Prison Architect Nintendo Switch Edition Review

By night I review video games, but by day I spend my hours tinkering away at TV’s and fixing them. In fact the TV’s I fix belong to prisoners who are in fact in prison. So when I saw Prison Architect being released for the Switch I immediately felt an affinity to the title albeit a pointless and insignificant one.

Prison Architect was first set loose on the PC in 2015 and received glowing reviews. After all, the management sim genre certainly flourishes on the PC. Roller Coaster Tycoon, Theme Hospital, and Zoo Tycoon are all much beloved titles I enjoyed as a youth, but does Prison Architect live up to their example?

Modes

There are two primary ways to play Prison Architect and those two modes are Prison Stories or simply start a “new game”. Prison Stories will have you fulfill specific requirements whilst also leading you from a loosely connected story. Honestly, Prison Stories best serves as a glorified tutorial. It only features 5 chapters and your hand is held quite tightly throughout. However there is a reason for such hard hand holding and that is the fact that Prison Architect boasts an amazing level of options and without a guide you’ll quickly feel overwhelmed.

Choices, choices, choices

This great selection of options is much needed though in a management sim as it is the core and life force of any title in the genre. When you begin to build your prison nearly every details has been kept in mind. Canteens, staff rooms, cells, solitary, reception, classrooms, chapels, libraries, padded cells, workshops, medical bays and many more types of buildings are at your disposal to develop a prison that will best suit your inmates.

From there you also have a wide variety of regimes and policies you can implement to sculpt prisoners into reformed members of society. Food quality, punishments, free time, work time and other tools used to govern your inmates. Will you rule with a compassionate heart or an iron fist?

Prison Architect’s greatest accolade also came across as one of its smaller issues. Even upon completing Prison Stories I felt overwhelmed when I jumped into creating my own prison from scratch. So I would highly suggest having google handy to get some help from other people online. However after sinking a few hours into the game the menus that were first tricky to navigate all became second nature.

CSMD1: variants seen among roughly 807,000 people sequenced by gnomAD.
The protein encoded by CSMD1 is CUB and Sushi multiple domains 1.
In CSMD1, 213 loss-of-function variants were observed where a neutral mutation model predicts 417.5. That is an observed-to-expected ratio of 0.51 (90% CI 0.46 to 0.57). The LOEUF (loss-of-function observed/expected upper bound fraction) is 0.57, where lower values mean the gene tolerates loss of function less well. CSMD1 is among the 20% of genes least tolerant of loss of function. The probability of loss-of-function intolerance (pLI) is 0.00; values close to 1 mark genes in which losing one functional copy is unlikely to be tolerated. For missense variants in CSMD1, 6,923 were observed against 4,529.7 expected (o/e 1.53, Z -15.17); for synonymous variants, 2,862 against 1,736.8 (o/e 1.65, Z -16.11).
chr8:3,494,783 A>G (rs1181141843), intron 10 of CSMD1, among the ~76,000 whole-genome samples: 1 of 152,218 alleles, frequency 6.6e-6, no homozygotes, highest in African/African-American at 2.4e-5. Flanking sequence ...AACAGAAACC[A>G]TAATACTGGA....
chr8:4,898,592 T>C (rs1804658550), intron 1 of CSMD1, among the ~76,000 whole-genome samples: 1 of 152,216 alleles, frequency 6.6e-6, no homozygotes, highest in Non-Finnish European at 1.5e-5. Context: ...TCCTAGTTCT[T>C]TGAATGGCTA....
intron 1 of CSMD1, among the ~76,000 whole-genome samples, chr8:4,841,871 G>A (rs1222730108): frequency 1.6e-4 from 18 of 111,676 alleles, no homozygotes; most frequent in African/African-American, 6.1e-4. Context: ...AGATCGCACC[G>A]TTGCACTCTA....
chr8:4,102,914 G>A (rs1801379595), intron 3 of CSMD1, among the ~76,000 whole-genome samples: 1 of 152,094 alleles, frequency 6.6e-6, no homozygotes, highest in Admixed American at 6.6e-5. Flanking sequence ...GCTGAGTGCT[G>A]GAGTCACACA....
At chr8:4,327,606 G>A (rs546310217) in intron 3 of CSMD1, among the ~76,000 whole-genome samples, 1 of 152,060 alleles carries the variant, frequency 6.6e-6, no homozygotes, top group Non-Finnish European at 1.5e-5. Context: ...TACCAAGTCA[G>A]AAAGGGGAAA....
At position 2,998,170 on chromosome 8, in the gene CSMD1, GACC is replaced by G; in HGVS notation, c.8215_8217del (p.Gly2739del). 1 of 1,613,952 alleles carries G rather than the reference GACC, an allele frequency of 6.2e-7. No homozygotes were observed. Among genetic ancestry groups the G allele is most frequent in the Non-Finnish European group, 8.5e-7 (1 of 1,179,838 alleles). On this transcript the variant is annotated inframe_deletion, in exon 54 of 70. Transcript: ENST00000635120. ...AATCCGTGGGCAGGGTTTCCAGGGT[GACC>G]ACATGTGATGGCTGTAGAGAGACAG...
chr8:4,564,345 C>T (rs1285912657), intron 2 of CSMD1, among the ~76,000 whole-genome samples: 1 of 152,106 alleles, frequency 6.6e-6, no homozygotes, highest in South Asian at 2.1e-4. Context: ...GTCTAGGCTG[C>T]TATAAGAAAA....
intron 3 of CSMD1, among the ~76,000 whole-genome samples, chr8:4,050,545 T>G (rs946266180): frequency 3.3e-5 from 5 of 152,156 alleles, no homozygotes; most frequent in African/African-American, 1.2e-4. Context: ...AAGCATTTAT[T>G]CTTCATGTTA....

Lack of Direction

After I cleared Prison Stories and had made two of my own prisons I soon noticed the biggest flaw in the game though. That flaw being a general lack of direction of what to do as you play. Roller Coaster Tycoon and the other games I mentioned above had a free play mode, but also had an extensive list of missions to take on. You had to clear each chapter by meeting specific targets by a deadline with specific conditions and handicaps placed on you. Prison Architect just doesn’t have this, as Prison Stories really is just a glorified tutorial. It is a shame as for someone like myself who would prefer a bit of direction in objective found it hard to find reasons to carry on with a prison I made after getting it running smoothly.

That is not to say that free mode lacks any types of parameters you can apply to your next game. You can choose from a wide selection of wardens which will affect your play time, difficulty, starting cash, toggle prison gangs, failure conditions and even choose from 30 prebuilt prisons. For those with a creative flair Prison Architect does offer so much and from browsing the 30 prebuilt prisons it is clear to the tools on offer allow the player to make such a wide variety of aesthetic choices for each prison.

Performance and Presentation

Visually, Prison Architect opts for a cartoony style which operates as quite the juxtaposition with its content as you house rapists, murderers, gangs and witness stabbings in the prison. It certainly is a charming visual and stylistic choice though and probably a wise choice as well. As the bright palettes help offset the depressing events that can unfold in front of your own eyes. I can’t say much about the music as there isn’t that much of it. There’s a few menu tracks, but mostly the sounds in the game just boil down to sound effects for events in the prison.

In terms of performance. at first I found Prison Architect to run perfectly on Switch, but as my prison got larger and larger I did start to notice some slow down. It was nothing game breaking, but no doubt it certainly was there and wasn’t gonna stop as it was all down to the size of my prison. I’ve also had the game crash twice, but thankfully it does auto save every five minutes by default.

One thing I must say though is that the crossover from PC to Home system was handled exceedingly well. I’m sure a mouse and keyboard are still the best control scheme for the title, but I felt like the UI worked exceptionally well with a controller and it felt far from being watered down neutered version.

Other Features

The biggest feature that Prison Architect offers outside of its two main modes of play would be “World of Wardens”. In this mode you can upload your own prisons and download other players and take them for a spin. Players can then even rate your creation and you can see just what people think of your design. Interestingly enough Prison Architect even offers leaderboards which as a high score junkie I was glad to see. The scoring system is simple if people get killed you lose points and you score more points for prisoners that are released.


System reviewed on: Nintendo Switch.

Disclaimer: A review code for Prison Architect was provided by Tinsley-PR.

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